CLAOC has partnered with Amazon Web Services (AWS) and local community colleges to expand valuable cloud-based tech certifications and offer on-the-job training opportunities.

Discussions are currently underway to further collaborate by focusing on entry-level tech roles and effectively match training with the job skills needed by local employers. Being employer-led makes all the difference.

This approach is in line with recommendations from a recent study published by Harvard University titled, “The Partnership Imperative: Community Colleges, Employers, and America’s Chronic Skills Gap.” It points out that 59% of employers agree that relationships between employers and community colleges are important and is an opportunity for businesses to reach recruitment and retention goals.

Focusing on high school recruitment will also pay dividends for employers.

Intel has already seen the benefits of it through its AI for Workforce program. Launched in the U.S. in 2020 through partnerships with governments and community colleges, AI for Workforce prepares current and future workers with critical skills in AI. Over 70 schools in 32 states have joined the program since last July.

Intel joined forces with CLAOC to be the first to partner and offer the program exclusively to OC high school students, which has already proven successful.

Students hailing from Tustin Unified School District (TUSD) and Irvine Unified School District (IUSD) became winners in the Intel AI Global Impact Festival—an annual Digital Readiness celebration for next-generation technologists and teachers to showcase AI innovation and impact.

Suhina Chand, Mahita Adluri (TUSD), and Keyon Jazayeri (IUSD) took home the top U.S. honor in the 13-18-year-old category for their project created during CLAOC’s Careers in AI CEE, designed in partnership with the OC Department of Education and Intel’s AI for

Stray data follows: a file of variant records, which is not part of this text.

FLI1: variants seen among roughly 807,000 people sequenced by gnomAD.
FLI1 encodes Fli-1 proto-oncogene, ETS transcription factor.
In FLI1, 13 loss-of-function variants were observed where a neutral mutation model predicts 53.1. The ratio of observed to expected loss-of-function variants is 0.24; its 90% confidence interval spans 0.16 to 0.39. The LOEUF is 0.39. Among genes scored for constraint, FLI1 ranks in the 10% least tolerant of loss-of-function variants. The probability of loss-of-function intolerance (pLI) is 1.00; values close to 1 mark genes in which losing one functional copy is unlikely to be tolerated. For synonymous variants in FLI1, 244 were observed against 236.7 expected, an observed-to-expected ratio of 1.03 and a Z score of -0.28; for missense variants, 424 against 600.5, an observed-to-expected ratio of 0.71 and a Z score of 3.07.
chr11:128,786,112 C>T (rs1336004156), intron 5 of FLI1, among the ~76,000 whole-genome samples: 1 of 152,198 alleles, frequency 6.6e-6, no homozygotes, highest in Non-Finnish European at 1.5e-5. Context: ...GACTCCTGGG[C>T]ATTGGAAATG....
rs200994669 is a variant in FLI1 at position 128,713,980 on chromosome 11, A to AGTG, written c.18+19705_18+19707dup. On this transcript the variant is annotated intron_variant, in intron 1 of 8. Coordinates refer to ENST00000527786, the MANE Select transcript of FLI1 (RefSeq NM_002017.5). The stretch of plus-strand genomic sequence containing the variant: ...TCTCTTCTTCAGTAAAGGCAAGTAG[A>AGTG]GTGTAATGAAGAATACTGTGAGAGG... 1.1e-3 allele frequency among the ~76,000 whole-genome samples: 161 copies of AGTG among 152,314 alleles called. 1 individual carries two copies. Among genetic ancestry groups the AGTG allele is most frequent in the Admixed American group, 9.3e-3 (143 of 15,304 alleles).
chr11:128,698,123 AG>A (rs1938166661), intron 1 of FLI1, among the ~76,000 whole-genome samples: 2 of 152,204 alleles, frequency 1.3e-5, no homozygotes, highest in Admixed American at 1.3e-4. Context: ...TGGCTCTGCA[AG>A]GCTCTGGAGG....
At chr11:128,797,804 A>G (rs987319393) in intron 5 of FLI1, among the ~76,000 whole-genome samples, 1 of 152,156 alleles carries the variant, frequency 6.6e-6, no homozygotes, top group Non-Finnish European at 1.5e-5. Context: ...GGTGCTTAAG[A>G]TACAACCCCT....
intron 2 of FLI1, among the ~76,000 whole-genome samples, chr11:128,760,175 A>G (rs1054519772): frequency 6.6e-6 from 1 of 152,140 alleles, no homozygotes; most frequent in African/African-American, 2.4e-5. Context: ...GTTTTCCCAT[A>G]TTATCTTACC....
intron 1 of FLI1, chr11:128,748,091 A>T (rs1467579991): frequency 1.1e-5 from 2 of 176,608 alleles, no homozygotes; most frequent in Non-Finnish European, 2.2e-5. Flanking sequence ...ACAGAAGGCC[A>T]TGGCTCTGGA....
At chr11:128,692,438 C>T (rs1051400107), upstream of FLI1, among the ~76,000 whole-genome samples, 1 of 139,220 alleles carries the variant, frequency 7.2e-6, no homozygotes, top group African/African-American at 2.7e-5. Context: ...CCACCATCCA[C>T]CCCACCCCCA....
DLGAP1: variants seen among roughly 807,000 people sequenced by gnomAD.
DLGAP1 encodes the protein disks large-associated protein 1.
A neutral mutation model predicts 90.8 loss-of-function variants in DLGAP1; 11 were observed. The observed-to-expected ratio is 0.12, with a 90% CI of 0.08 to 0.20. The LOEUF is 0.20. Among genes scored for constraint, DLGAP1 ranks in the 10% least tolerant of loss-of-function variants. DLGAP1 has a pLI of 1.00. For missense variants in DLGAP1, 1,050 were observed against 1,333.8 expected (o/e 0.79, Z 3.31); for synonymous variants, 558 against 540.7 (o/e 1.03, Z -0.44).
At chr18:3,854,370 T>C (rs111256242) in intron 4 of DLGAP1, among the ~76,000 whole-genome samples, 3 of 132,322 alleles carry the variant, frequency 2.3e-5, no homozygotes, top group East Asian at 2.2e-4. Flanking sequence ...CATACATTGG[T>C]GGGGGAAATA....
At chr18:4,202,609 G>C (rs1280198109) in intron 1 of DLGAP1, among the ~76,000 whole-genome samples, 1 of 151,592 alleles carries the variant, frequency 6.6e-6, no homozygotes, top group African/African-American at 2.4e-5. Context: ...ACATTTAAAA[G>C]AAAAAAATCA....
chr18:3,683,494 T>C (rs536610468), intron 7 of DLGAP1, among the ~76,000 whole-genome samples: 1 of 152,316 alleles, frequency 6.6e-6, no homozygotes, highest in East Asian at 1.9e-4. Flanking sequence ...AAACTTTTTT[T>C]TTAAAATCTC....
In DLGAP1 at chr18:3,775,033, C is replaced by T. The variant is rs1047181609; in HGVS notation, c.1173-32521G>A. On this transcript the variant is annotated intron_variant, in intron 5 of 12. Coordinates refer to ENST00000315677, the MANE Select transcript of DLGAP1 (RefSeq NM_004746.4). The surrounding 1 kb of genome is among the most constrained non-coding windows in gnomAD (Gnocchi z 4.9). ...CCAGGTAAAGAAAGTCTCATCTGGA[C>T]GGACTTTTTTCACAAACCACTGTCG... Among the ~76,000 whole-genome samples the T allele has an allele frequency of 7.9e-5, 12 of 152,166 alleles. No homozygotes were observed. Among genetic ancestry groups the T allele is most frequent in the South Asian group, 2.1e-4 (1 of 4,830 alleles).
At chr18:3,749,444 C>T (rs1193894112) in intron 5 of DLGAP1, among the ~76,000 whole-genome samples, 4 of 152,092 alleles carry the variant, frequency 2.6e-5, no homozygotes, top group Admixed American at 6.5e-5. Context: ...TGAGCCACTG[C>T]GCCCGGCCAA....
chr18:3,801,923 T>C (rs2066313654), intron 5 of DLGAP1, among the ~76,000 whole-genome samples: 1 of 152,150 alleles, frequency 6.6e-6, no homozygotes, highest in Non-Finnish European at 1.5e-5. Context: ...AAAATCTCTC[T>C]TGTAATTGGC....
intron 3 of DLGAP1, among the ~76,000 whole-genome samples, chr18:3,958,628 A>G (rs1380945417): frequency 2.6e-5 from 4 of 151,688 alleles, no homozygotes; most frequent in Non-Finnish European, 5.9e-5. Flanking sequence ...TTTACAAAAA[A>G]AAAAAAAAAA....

Workforce program and delivered by Coastline ROP. Additionally, Abhishek Rao (IUSD) received another top honor for the U.S. in the Impact Creators for his project in the 13-18-year-old category.

Ongoing investment in developing and retaining our local talent, beginning early in the talent pipeline continuum, will move OC forward as a significant influencer in innovation industries and create a robust, evergreen pool for all employers.

A newly formed OC Talent Collaborative (OCTC), organized by CLAOC, is made up of leading business leaders, educators, funders and nonprofits and has adopted clear goals and metrics for success.

For instance, the creation of internships, mentoring opportunities, and certifications tied to jobs will be achieved for at least 20,000 participants through OCTC coalition members by 2030. We hope to influence other business leaders to drive that number to 100,000.

As purposeful leaders in Orange County, we must contribute to the region’s growth by building a deep and diverse talent pool, especially to attract jobs of the future such as in AI-infused innovation industries.

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Sonia Chung
Sonia Chung
Sonia Chung joined the Orange County Business Journal in 2021 as their Marketing Creative Director. In her role she creates all visual content as it relates to the marketing needs for the sales and events teams. Her responsibilities include the creation of marketing materials for six annual corporate events, weekly print advertisements, sales flyers in correspondence to the editorial calendar, social media graphics, PowerPoint presentation decks, e-blasts, and maintains the online presence for Orange County Business Journal’s corporate events.